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rare diseases


Considerable disease burden

Acromegaly is a rare disease most often caused by a tumor in the pituitary gland, which results in an overproduction of growth hormone. The increased level of hormone may lead to changes in visual appearance, and physiological and psychological problems. If untreated, acromegaly can be life threatening.1-4

Disease overview

Significant physical and psychological impact 

Acromegaly is usually caused by excess growth hormone secretion from a benign pituitary tumor that places a considerable burden on the patient, both physically and psychologically.

Clinical features of acromegaly may include gradual changes in appearance, such as enlarged hands, feet and altered facial features, and other physical problems such as enlargement of internal organs, headaches, visual field defects, joint pain, sleep disturbance and metabolic dysregulation. If left untreated, acromegaly can be life-limiting as serious complications arise including high blood pressure, diabetes, and cardiovascular disease.3,4

In addition to the physical impact, psychological symptoms may include alterations in personality and self-esteem, distortion of body image, disruption of relationships, social withdrawal and anxiety or depression.1,2 

The prevalence of acromegaly is estimated to be around 60-80 cases per million, with an incidence rate of 3-11 cases per million per year.5,6

Early diagnosis is key

Due to the wide variety of symptoms which often develop gradually over several years, diagnosis can be challenging. Acromegaly is usually diagnosed when the patient is in their 40s, with men and women equally affected. The median delay to time of diagnosis is 4.5-5 years.7,8 An early diagnosis can lead to improvements in quality of life and reduced medical costs.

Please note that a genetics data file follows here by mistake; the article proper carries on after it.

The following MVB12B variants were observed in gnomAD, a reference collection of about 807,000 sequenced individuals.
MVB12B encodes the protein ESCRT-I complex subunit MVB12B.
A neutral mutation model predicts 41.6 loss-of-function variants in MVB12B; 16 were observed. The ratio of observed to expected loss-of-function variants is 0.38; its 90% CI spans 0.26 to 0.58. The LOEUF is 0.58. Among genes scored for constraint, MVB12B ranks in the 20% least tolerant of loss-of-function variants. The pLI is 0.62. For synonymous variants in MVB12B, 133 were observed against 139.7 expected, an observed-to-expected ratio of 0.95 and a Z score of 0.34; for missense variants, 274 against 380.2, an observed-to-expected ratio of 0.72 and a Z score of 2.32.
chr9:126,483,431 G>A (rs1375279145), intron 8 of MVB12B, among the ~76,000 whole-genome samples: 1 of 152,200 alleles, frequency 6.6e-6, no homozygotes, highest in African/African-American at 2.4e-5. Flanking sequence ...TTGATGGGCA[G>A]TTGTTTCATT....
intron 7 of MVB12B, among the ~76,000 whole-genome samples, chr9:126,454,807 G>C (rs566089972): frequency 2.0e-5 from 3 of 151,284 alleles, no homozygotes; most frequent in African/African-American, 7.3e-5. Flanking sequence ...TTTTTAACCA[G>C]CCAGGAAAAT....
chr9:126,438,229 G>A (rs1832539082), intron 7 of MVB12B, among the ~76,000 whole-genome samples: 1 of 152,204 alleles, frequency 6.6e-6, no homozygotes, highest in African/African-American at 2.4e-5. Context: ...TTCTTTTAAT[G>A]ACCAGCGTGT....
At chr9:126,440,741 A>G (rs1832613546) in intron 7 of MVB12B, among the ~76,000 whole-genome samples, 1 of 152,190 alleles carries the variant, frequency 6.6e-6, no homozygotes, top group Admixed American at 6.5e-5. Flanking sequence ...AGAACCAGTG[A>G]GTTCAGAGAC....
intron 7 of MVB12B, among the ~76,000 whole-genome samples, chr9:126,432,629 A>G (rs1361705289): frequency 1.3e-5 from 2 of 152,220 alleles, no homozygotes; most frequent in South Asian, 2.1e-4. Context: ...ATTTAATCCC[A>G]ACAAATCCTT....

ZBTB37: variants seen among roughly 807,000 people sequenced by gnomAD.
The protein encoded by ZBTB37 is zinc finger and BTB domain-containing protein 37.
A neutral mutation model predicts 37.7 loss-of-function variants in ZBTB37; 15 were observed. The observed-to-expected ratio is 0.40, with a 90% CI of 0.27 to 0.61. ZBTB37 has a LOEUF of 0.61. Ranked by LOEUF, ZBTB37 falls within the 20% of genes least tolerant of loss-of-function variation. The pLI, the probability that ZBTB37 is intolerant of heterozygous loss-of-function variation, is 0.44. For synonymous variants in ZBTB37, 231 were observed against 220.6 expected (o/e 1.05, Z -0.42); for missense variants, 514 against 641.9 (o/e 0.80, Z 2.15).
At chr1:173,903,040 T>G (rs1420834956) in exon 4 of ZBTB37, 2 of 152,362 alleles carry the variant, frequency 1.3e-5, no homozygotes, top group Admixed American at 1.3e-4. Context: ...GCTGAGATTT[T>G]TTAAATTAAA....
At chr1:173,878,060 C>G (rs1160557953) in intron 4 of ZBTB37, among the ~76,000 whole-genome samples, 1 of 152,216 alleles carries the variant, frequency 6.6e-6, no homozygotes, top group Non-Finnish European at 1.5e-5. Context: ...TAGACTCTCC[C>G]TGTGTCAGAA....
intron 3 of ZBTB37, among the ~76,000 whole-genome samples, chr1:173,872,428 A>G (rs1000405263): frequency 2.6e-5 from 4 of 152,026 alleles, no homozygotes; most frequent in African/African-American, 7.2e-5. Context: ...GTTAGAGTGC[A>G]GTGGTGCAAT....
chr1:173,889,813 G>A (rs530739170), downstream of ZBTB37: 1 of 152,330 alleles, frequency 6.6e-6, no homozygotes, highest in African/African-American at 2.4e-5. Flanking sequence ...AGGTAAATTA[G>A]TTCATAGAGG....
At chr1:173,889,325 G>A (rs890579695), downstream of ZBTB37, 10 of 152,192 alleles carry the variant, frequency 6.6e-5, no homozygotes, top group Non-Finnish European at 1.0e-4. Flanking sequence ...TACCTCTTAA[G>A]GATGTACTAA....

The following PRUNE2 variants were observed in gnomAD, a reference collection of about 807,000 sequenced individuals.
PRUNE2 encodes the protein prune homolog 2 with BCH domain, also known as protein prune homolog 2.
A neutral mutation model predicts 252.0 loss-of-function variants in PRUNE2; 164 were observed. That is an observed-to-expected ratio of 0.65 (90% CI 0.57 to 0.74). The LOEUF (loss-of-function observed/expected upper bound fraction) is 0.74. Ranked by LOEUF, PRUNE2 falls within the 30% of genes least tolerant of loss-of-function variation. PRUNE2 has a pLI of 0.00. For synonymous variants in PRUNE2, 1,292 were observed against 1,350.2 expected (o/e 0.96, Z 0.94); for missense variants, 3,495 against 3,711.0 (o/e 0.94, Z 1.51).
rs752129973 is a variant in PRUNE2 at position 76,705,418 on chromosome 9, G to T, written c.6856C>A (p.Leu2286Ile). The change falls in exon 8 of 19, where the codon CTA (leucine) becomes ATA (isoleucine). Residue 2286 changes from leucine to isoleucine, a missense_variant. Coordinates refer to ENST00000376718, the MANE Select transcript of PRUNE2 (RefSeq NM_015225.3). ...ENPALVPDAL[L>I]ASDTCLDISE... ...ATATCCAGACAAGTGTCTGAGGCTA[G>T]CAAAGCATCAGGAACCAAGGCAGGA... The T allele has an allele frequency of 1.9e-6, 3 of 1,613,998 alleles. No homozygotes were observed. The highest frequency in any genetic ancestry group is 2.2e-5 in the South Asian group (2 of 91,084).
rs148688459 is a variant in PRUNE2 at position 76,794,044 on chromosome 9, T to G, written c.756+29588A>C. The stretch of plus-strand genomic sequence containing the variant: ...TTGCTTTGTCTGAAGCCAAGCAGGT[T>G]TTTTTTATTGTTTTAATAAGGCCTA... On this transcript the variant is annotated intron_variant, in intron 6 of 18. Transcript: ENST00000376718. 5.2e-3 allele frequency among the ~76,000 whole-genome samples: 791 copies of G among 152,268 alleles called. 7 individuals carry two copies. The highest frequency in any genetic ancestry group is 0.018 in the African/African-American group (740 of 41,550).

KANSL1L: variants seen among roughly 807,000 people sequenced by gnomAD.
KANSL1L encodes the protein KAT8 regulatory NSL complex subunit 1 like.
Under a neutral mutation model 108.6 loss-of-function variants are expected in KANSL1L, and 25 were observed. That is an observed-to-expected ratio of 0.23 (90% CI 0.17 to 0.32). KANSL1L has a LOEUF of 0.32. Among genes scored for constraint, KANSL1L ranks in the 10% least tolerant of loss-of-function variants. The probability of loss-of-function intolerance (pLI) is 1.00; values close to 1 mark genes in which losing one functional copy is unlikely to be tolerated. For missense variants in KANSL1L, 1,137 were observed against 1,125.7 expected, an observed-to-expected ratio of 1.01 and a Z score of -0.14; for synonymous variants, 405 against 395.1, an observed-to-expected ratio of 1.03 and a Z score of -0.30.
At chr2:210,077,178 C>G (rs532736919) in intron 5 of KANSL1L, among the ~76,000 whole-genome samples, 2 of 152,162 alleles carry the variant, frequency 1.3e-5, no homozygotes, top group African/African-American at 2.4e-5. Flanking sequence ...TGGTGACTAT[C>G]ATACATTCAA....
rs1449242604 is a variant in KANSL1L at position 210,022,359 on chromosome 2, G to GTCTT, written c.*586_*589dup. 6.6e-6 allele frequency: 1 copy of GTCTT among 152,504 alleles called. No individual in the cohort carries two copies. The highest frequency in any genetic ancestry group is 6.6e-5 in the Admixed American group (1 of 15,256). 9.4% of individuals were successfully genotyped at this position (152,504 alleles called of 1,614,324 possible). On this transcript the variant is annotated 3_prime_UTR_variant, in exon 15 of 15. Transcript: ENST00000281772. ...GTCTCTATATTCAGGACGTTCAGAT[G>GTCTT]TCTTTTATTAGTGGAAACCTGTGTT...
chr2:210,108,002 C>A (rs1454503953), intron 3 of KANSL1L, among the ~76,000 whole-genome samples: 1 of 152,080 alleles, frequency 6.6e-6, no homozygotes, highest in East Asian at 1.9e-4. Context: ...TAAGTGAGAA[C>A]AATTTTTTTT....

Current management  

Most people with acromegaly have surgery to remove the pituitary tumor. Medication or radiotherapy may sometimes be needed following, or instead of, surgery.


  1. Melmed, S., et al. Causes and clinical manifestations of acromegaly, UpToDate, last updated May 2018, accessed Aug 2019
  2. Melmed, S., et al. Diagnosis of acromegaly, UpToDate, last updated Apr 2018, accessed Aug 2019
  3. AACE Acromegaly Guidelines, Endocr Pract. 17(4):11, 2011.
  4. Holdaway et al Pituitary 1999 Jun;2(1):29-41. doi: 10.1023/a:1009965803750
  5. Burton, T., et al. Incidence and prevalence of acromegaly in a large US health plan database. Pituitary. 19(3):262–7, 2016.
  6. Tjornstrand, A., et al. The incidence rate of pituitary adenomas in western Sweden for the period 2001–2011. Eur J Endocrinol. 171(4):519–26, 2014. 
  7. Fleseriu, M., et al. A Pituitary Society update to acromegaly management guidelines. Pituitary. 24(1): 1–13, 2021.
  8. Lavrentaki, A. Epidemiology of acromegaly: review of population studies. Pituitary. Feb;20(1):4-9, 2017.
  • 60-80

    per million people in estimated prevalence5,6

  • 4.5-5

    median delay at diagnosis7,8


  • Enlarged hands and feet 
  • Altered facial features
  • Joint problems
  • Muscle weakness and fatigue
  • Anxiety and depression
  • Headaches
  • Soft tissue swelling
  • Excessive sweating
  • Sleep apnea
  • Loss of vision


Diagnosis is usually done by an endocrinologist, typically a pituitary specialist (neuro-endocrinologist), even though referral may come from physicians from a range of medical specialties. Diagnosis often starts with laboratory assessment, such as the measuring of growth hormone level, with MRI scanning as a second step. 


Surgery and/or medical treatment, sometimes in combination with radiotherapy.